We describe the most common digital logic gates and how they work.

Digital Logic is based on an Electronic Circuit called a Logic Gate. Its function is described by Logic Symbols, Boolean Equations and Truth Tables. The following image shows the block diagram of a general logic gate.

This is a two input gate with output Z and inputs A and B. The state of the output depends on the states of the inputs A and B. The Truth Table is also shown.

The output will depend on the type of circuit used. There are 5 basic types of logic gates:

- AND Gate
- OR Gate
- NOT Gate
- NAND Gate
- NOR Gate

Each of these circuits can be constructed using different types of digital circuitry.

- RTL (Resistor-Transistor Logic)
- DTL (Diode-Transistor Logic)
- TTL (Transistor-Transistor Logic)
- CMOS (Complementary Metal Oxide Semiconductor Logic)

In this article, we shall confine ourselves to TTL which is the easiest to use, handle and the most versatile.

TTL requires a power rail of approximately 5Volts and logic levels of 0 to 0.8V for a Low or ‘0’ and from 2V to 5V for a High or ‘1’.

The shaded area from 0.8V to 2V is not used.

We will now discuss the operation of these gates individually.

# AND Gate

The Logic Symbol for the AND gate, its truth table and Boolean Equation are shown here.

Boolean Algebra was developed in the mid-1800s. It was first used to simplify complex switching circuits. However, it was around 1938 that it was used in digital circuitry. Boolean equations have three elements namely input variables, output variables and an operator (the.) shown with the AND circuit above.

A good analogy for an AND gate is a light bulb with two switches in series.

The lamp is on only when both switches are closed. Compare this with the AND Gate truth table. The Boolean Equation for the AND gate is read as Z equals A AND B. ››

# OR Gate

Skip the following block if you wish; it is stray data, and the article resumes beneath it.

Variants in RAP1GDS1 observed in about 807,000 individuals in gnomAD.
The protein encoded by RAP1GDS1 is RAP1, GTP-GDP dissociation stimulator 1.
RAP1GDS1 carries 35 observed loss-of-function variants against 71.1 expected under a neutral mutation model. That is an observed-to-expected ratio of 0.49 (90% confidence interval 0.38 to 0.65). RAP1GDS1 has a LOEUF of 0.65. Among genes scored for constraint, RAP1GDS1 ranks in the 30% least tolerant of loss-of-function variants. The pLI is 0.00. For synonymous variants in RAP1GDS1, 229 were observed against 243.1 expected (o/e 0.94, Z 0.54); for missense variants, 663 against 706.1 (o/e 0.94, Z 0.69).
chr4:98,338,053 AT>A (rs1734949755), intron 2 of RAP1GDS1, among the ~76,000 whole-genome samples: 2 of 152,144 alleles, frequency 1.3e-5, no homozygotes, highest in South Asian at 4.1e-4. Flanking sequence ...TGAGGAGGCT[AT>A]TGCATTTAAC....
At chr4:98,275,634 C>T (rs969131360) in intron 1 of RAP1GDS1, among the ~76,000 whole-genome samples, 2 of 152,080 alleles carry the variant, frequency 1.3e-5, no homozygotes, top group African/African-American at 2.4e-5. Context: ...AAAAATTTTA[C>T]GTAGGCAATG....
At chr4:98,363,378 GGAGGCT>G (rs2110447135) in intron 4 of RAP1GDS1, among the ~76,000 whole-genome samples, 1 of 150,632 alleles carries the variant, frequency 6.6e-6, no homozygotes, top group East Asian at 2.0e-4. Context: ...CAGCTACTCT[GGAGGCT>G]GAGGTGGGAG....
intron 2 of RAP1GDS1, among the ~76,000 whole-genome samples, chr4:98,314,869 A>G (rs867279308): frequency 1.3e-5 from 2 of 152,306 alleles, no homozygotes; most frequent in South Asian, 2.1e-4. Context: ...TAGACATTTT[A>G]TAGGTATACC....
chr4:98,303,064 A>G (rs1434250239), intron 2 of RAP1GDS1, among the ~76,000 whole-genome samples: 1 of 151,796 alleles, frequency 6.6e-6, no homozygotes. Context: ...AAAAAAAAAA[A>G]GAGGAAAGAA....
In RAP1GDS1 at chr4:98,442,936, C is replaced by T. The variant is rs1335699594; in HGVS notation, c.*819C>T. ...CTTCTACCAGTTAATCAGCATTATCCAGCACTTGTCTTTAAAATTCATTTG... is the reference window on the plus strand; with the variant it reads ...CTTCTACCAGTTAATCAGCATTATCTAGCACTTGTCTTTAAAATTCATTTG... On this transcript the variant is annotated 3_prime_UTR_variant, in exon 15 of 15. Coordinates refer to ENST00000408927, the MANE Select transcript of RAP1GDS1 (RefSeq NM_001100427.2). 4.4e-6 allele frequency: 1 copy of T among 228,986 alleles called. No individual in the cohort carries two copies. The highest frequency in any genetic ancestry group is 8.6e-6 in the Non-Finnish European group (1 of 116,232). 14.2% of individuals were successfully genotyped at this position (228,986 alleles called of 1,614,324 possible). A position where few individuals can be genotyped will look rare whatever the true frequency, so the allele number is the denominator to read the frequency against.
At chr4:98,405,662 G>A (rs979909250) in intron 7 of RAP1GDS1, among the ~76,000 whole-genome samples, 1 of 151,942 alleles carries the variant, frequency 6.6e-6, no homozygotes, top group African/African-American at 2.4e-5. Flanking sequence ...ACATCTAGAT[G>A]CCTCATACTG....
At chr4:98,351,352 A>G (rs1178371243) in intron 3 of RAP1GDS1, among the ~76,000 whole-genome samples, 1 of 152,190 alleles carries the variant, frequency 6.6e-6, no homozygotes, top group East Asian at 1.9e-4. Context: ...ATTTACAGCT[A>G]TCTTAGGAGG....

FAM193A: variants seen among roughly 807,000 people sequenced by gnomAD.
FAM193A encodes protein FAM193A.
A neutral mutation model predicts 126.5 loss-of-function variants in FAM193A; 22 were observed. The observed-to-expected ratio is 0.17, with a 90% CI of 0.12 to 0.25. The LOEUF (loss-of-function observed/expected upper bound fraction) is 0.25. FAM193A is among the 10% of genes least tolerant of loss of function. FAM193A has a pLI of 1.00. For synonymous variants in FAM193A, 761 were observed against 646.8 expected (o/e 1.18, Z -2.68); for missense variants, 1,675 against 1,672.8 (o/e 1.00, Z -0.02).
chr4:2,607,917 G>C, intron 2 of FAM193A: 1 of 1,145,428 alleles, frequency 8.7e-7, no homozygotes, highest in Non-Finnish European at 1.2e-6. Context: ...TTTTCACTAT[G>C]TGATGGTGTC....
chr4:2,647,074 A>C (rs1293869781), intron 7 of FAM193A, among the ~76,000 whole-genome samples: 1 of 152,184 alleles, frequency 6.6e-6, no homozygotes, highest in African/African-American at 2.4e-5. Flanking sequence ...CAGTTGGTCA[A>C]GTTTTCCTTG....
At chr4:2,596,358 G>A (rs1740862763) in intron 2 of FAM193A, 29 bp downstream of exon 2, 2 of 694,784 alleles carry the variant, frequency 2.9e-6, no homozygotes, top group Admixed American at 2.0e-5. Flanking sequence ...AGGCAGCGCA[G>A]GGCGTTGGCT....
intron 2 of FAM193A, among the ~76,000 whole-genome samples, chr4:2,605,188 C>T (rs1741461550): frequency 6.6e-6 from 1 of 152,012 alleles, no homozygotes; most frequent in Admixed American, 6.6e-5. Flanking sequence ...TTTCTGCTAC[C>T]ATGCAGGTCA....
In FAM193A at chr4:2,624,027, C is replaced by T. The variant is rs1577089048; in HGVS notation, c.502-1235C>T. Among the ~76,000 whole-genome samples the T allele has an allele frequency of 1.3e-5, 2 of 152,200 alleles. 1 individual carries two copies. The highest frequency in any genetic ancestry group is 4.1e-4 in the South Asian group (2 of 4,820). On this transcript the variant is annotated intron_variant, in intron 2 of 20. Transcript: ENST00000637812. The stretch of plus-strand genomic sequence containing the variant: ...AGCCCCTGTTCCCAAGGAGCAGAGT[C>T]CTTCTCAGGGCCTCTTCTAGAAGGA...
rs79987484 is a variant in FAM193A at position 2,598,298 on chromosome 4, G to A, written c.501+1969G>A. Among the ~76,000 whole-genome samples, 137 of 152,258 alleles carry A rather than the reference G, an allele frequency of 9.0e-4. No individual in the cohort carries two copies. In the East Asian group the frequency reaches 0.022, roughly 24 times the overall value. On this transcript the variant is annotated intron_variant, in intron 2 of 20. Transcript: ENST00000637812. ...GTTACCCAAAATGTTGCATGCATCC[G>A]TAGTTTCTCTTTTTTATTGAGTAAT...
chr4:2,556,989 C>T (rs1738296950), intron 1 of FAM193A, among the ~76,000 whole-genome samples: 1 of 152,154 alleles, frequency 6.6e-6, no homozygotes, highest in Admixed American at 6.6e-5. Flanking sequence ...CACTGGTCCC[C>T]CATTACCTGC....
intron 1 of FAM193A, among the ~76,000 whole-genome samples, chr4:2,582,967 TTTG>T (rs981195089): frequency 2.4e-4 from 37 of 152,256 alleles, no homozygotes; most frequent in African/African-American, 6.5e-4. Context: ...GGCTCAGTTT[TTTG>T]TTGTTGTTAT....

›› The logic symbol for an OR gate, its Boolean Equation and truth table are shown here.

The Boolean Equation is read as Z equals A OR B.

The OR gate can be understood by using the circuit with the two switches again but now with the switches in parallel.

The lamp can be turned on by closing switch A or switch B or both.

# Inverter NOT

The next simplest circuit is the NOT or Inverter. Unlike the AND and OR gates the NOT does not make decisions but converts a 0 at its input to a 1 at its output and conversely a 1 at its input into a 0 at its output.

The inverter can be represented by either of the symbols shown in above.

The logic equation reads Z equals not A

# NAND Gate

The NAND gate is an AND Gate with an inverter on its output. The truth table and logic equation are shown here.

Observe that the output is the opposite of the AND for the same input conditions. This is represented by the bar over the A.B

NOR Gate

This is the same as the OR gate with the output inverted. Its truth table, logic symbol and logic equation are shown here.

EX-OR Gate

Finally, we have one more gate that is worth mentioning. This is the Exclusive OR. Its truth table, logic symbol and Boolean Equation are shown here.

A shorthand form of the Boolean equation is the + sign with a circle around it. The Exclusive OR gate gives a high only when its inputs are different. This feature makes it very useful in practice.